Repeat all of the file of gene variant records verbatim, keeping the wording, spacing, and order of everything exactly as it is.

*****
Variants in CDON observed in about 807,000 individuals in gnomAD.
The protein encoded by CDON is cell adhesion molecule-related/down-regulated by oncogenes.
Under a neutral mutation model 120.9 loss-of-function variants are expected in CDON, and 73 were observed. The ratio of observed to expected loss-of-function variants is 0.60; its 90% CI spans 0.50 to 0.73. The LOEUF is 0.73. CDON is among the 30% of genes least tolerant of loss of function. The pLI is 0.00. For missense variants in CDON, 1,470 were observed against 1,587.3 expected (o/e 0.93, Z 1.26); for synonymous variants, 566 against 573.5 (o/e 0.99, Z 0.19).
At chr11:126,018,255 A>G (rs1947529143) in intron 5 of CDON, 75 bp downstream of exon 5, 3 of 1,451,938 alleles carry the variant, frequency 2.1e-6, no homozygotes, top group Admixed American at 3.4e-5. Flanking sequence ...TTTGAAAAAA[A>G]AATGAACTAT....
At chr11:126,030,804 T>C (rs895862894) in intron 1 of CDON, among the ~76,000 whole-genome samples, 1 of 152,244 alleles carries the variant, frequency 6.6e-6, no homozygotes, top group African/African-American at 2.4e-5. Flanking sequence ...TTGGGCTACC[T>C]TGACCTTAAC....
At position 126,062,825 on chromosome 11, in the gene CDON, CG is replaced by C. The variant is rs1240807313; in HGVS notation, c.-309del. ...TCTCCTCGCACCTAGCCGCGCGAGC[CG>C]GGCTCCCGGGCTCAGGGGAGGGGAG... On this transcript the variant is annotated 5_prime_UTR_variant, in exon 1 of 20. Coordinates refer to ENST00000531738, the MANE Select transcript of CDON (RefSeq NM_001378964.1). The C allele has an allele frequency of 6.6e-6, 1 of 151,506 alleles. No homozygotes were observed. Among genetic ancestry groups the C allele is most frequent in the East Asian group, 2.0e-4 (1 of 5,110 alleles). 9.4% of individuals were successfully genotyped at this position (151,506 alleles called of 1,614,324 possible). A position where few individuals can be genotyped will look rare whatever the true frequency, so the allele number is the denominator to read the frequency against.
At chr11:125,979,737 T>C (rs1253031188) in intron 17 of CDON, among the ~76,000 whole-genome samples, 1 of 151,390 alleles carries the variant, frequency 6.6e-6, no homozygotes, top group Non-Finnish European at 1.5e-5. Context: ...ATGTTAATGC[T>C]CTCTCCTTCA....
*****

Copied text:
Variants in CDON observed in about 807,000 individuals in gnomAD.
The protein encoded by CDON is cell adhesion molecule-related/down-regulated by oncogenes.
Under a neutral mutation model 120.9 loss-of-function variants are expected in CDON, and 73 were observed. The ratio of observed to expected loss-of-function variants is 0.60; its 90% CI spans 0.50 to 0.73. The LOEUF is 0.73. CDON is among the 30% of genes least tolerant of loss of function. The pLI is 0.00. For missense variants in CDON, 1,470 were observed against 1,587.3 expected (o/e 0.93, Z 1.26); for synonymous variants, 566 against 573.5 (o/e 0.99, Z 0.19).
At chr11:126,018,255 A>G (rs1947529143) in intron 5 of CDON, 75 bp downstream of exon 5, 3 of 1,451,938 alleles carry the variant, frequency 2.1e-6, no homozygotes, top group Admixed American at 3.4e-5. Flanking sequence ...TTTGAAAAAA[A>G]AATGAACTAT....
At chr11:126,030,804 T>C (rs895862894) in intron 1 of CDON, among the ~76,000 whole-genome samples, 1 of 152,244 alleles carries the variant, frequency 6.6e-6, no homozygotes, top group African/African-American at 2.4e-5. Flanking sequence ...TTGGGCTACC[T>C]TGACCTTAAC....
At position 126,062,825 on chromosome 11, in the gene CDON, CG is replaced by C. The variant is rs1240807313; in HGVS notation, c.-309del. ...TCTCCTCGCACCTAGCCGCGCGAGC[CG>C]GGCTCCCGGGCTCAGGGGAGGGGAG... On this transcript the variant is annotated 5_prime_UTR_variant, in exon 1 of 20. Coordinates refer to ENST00000531738, the MANE Select transcript of CDON (RefSeq NM_001378964.1). The C allele has an allele frequency of 6.6e-6, 1 of 151,506 alleles. No homozygotes were observed. Among genetic ancestry groups the C allele is most frequent in the East Asian group, 2.0e-4 (1 of 5,110 alleles). 9.4% of individuals were successfully genotyped at this position (151,506 alleles called of 1,614,324 possible). A position where few individuals can be genotyped will look rare whatever the true frequency, so the allele number is the denominator to read the frequency against.
At chr11:125,979,737 T>C (rs1253031188) in intron 17 of CDON, among the ~76,000 whole-genome samples, 1 of 151,390 alleles carries the variant, frequency 6.6e-6, no homozygotes, top group Non-Finnish European at 1.5e-5. Context: ...ATGTTAATGC[T>C]CTCTCCTTCA....